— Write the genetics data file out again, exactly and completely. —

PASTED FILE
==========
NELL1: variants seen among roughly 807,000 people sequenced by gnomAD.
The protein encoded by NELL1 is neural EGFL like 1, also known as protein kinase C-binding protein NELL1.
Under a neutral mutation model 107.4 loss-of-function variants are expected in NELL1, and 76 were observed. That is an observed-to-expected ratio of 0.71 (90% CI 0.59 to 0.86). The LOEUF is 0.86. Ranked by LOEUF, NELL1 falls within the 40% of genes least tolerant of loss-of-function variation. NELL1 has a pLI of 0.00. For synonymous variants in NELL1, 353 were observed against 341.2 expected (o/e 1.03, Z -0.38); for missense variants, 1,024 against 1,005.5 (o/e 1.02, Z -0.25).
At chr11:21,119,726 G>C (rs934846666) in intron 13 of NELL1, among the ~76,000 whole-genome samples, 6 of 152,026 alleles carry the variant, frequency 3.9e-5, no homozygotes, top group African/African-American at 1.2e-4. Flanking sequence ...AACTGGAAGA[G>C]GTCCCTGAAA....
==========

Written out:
NELL1: variants seen among roughly 807,000 people sequenced by gnomAD.
The protein encoded by NELL1 is neural EGFL like 1, also known as protein kinase C-binding protein NELL1.
Under a neutral mutation model 107.4 loss-of-function variants are expected in NELL1, and 76 were observed. That is an observed-to-expected ratio of 0.71 (90% CI 0.59 to 0.86). The LOEUF is 0.86. Ranked by LOEUF, NELL1 falls within the 40% of genes least tolerant of loss-of-function variation. NELL1 has a pLI of 0.00. For synonymous variants in NELL1, 353 were observed against 341.2 expected (o/e 1.03, Z -0.38); for missense variants, 1,024 against 1,005.5 (o/e 1.02, Z -0.25).
At chr11:21,119,726 G>C (rs934846666) in intron 13 of NELL1, among the ~76,000 whole-genome samples, 6 of 152,026 alleles carry the variant, frequency 3.9e-5, no homozygotes, top group African/African-American at 1.2e-4. Flanking sequence ...AACTGGAAGA[G>C]GTCCCTGAAA....